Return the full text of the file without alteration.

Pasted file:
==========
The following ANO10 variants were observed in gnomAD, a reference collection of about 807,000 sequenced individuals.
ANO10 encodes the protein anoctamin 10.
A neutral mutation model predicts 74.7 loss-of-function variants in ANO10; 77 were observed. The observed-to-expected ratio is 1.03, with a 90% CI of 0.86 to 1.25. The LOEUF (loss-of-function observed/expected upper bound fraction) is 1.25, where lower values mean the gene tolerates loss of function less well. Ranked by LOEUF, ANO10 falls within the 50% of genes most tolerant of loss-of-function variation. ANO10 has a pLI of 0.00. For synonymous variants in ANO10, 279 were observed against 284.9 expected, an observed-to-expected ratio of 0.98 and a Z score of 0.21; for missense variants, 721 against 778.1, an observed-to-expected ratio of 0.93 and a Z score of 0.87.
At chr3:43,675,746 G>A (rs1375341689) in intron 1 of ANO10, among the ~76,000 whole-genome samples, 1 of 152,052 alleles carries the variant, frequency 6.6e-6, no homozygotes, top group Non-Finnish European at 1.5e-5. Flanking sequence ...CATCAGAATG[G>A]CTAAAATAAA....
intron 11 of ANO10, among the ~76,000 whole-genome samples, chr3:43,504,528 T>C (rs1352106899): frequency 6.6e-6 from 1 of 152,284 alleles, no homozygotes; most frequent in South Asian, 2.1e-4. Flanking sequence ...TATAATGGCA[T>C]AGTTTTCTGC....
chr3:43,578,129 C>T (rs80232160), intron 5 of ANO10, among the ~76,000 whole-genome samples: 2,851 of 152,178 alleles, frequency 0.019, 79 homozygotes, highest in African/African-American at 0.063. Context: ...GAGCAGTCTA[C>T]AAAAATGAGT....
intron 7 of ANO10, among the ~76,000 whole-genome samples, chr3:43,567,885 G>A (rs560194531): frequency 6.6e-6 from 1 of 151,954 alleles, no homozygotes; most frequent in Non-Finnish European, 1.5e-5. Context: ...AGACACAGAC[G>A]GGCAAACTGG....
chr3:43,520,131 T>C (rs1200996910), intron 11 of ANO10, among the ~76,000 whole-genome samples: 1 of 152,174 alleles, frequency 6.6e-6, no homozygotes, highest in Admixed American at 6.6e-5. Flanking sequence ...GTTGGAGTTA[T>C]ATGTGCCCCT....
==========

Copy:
The following ANO10 variants were observed in gnomAD, a reference collection of about 807,000 sequenced individuals.
ANO10 encodes the protein anoctamin 10.
A neutral mutation model predicts 74.7 loss-of-function variants in ANO10; 77 were observed. The observed-to-expected ratio is 1.03, with a 90% CI of 0.86 to 1.25. The LOEUF (loss-of-function observed/expected upper bound fraction) is 1.25, where lower values mean the gene tolerates loss of function less well. Ranked by LOEUF, ANO10 falls within the 50% of genes most tolerant of loss-of-function variation. ANO10 has a pLI of 0.00. For synonymous variants in ANO10, 279 were observed against 284.9 expected, an observed-to-expected ratio of 0.98 and a Z score of 0.21; for missense variants, 721 against 778.1, an observed-to-expected ratio of 0.93 and a Z score of 0.87.
At chr3:43,675,746 G>A (rs1375341689) in intron 1 of ANO10, among the ~76,000 whole-genome samples, 1 of 152,052 alleles carries the variant, frequency 6.6e-6, no homozygotes, top group Non-Finnish European at 1.5e-5. Flanking sequence ...CATCAGAATG[G>A]CTAAAATAAA....
intron 11 of ANO10, among the ~76,000 whole-genome samples, chr3:43,504,528 T>C (rs1352106899): frequency 6.6e-6 from 1 of 152,284 alleles, no homozygotes; most frequent in South Asian, 2.1e-4. Flanking sequence ...TATAATGGCA[T>C]AGTTTTCTGC....
chr3:43,578,129 C>T (rs80232160), intron 5 of ANO10, among the ~76,000 whole-genome samples: 2,851 of 152,178 alleles, frequency 0.019, 79 homozygotes, highest in African/African-American at 0.063. Context: ...GAGCAGTCTA[C>T]AAAAATGAGT....
intron 7 of ANO10, among the ~76,000 whole-genome samples, chr3:43,567,885 G>A (rs560194531): frequency 6.6e-6 from 1 of 151,954 alleles, no homozygotes; most frequent in Non-Finnish European, 1.5e-5. Context: ...AGACACAGAC[G>A]GGCAAACTGG....
chr3:43,520,131 T>C (rs1200996910), intron 11 of ANO10, among the ~76,000 whole-genome samples: 1 of 152,174 alleles, frequency 6.6e-6, no homozygotes, highest in Admixed American at 6.6e-5. Flanking sequence ...GTTGGAGTTA[T>C]ATGTGCCCCT....